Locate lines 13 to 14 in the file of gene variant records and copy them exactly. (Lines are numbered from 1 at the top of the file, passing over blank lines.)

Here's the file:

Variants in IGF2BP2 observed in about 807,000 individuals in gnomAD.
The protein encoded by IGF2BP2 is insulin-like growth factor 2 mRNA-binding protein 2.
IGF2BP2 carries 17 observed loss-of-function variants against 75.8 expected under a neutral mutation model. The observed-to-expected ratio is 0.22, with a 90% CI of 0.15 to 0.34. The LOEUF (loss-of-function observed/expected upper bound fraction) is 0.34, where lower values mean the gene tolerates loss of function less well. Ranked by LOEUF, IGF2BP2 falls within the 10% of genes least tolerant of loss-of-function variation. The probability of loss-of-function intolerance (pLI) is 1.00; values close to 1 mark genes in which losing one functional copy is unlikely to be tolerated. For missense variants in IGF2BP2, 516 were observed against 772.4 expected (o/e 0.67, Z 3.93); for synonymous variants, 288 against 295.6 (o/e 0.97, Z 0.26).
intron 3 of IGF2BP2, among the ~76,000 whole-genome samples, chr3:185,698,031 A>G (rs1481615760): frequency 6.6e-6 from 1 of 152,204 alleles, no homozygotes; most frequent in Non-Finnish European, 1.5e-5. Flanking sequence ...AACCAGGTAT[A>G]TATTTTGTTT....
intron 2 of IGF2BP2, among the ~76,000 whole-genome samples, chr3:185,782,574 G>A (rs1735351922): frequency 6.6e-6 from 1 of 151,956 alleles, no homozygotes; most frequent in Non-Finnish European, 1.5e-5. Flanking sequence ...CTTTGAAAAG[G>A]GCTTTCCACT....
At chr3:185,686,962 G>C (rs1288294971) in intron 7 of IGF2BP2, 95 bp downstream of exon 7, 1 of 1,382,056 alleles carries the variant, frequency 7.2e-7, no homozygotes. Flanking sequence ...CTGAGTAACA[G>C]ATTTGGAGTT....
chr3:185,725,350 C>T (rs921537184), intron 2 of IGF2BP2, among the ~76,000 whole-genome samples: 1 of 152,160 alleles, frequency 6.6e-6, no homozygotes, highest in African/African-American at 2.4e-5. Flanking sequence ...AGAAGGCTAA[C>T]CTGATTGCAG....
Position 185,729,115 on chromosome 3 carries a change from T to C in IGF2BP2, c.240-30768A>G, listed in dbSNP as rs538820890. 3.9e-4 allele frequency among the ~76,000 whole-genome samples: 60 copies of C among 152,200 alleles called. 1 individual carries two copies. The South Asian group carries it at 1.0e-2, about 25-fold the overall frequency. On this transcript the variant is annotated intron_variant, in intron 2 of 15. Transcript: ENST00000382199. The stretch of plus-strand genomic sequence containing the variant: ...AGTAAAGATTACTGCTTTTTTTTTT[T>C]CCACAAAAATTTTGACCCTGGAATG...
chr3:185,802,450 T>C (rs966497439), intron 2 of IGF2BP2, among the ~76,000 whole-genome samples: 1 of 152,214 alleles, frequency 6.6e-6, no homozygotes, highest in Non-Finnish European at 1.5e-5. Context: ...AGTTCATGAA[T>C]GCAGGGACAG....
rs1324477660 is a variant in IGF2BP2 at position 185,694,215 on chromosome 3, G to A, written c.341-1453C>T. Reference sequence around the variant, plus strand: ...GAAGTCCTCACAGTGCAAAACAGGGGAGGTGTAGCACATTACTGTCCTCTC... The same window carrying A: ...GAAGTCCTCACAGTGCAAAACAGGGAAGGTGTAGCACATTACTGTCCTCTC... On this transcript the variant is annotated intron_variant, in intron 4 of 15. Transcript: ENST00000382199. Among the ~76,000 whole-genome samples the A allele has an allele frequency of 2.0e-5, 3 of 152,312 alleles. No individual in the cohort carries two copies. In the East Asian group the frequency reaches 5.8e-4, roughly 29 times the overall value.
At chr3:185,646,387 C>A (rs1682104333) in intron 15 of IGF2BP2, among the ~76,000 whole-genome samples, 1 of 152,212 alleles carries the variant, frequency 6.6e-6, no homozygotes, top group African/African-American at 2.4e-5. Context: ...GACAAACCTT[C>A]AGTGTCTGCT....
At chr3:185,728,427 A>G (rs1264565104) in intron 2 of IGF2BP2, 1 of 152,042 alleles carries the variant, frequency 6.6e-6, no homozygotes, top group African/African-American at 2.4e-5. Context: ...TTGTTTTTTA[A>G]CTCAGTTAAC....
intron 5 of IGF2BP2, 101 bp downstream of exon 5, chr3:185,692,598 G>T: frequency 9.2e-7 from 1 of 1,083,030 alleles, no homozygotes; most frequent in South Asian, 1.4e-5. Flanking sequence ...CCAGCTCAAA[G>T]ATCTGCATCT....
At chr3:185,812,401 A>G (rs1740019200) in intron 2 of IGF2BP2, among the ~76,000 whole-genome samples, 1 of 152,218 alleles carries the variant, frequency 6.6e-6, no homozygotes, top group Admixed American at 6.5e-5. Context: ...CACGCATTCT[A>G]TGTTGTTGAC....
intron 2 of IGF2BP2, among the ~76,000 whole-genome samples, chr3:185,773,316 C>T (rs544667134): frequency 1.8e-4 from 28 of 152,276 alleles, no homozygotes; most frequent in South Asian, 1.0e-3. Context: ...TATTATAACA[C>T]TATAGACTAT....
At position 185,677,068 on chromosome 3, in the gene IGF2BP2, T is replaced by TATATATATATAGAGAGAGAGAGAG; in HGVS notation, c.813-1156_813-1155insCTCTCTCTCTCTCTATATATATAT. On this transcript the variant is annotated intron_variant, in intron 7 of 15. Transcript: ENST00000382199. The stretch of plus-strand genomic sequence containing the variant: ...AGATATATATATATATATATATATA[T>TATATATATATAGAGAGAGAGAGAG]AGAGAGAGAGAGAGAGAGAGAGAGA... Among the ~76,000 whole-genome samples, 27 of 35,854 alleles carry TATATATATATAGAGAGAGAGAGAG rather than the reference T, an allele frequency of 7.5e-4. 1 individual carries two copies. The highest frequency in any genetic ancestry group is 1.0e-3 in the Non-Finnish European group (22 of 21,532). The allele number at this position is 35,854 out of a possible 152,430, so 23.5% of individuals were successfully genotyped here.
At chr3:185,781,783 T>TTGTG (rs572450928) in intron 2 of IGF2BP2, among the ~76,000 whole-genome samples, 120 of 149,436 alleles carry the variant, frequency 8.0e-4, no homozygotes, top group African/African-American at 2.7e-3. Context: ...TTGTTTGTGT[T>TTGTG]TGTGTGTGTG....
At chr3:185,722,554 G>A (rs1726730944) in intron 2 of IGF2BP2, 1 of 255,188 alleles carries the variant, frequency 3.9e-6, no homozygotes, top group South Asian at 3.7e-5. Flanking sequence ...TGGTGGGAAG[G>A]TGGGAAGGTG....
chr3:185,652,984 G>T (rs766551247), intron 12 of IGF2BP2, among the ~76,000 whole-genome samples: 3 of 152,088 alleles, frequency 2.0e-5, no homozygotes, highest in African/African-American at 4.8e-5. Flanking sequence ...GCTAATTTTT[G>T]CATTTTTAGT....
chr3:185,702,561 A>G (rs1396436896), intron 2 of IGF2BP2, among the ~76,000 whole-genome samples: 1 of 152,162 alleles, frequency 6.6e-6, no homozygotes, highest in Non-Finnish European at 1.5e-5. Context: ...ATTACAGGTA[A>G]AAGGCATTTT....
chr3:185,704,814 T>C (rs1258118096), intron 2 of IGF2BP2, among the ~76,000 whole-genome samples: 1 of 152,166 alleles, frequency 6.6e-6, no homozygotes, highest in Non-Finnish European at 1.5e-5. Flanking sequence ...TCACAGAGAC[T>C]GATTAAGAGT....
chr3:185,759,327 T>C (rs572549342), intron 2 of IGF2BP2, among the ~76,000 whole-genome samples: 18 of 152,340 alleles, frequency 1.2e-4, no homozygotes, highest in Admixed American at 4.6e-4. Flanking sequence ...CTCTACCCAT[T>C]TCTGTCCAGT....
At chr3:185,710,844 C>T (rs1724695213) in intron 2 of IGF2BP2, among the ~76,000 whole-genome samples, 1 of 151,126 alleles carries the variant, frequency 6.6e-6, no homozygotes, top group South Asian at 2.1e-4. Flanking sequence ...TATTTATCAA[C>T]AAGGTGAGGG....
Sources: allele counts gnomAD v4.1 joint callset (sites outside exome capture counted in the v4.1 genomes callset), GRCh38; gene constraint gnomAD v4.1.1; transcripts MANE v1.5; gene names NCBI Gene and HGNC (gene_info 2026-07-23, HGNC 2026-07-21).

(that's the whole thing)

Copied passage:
intron 5 of IGF2BP2, 101 bp downstream of exon 5, chr3:185,692,598 G>T: frequency 9.2e-7 from 1 of 1,083,030 alleles, no homozygotes; most frequent in South Asian, 1.4e-5. Flanking sequence ...CCAGCTCAAA[G>T]ATCTGCATCT....
At chr3:185,812,401 A>G (rs1740019200) in intron 2 of IGF2BP2, among the ~76,000 whole-genome samples, 1 of 152,218 alleles carries the variant, frequency 6.6e-6, no homozygotes, top group Admixed American at 6.5e-5. Context: ...CACGCATTCT[A>G]TGTTGTTGAC....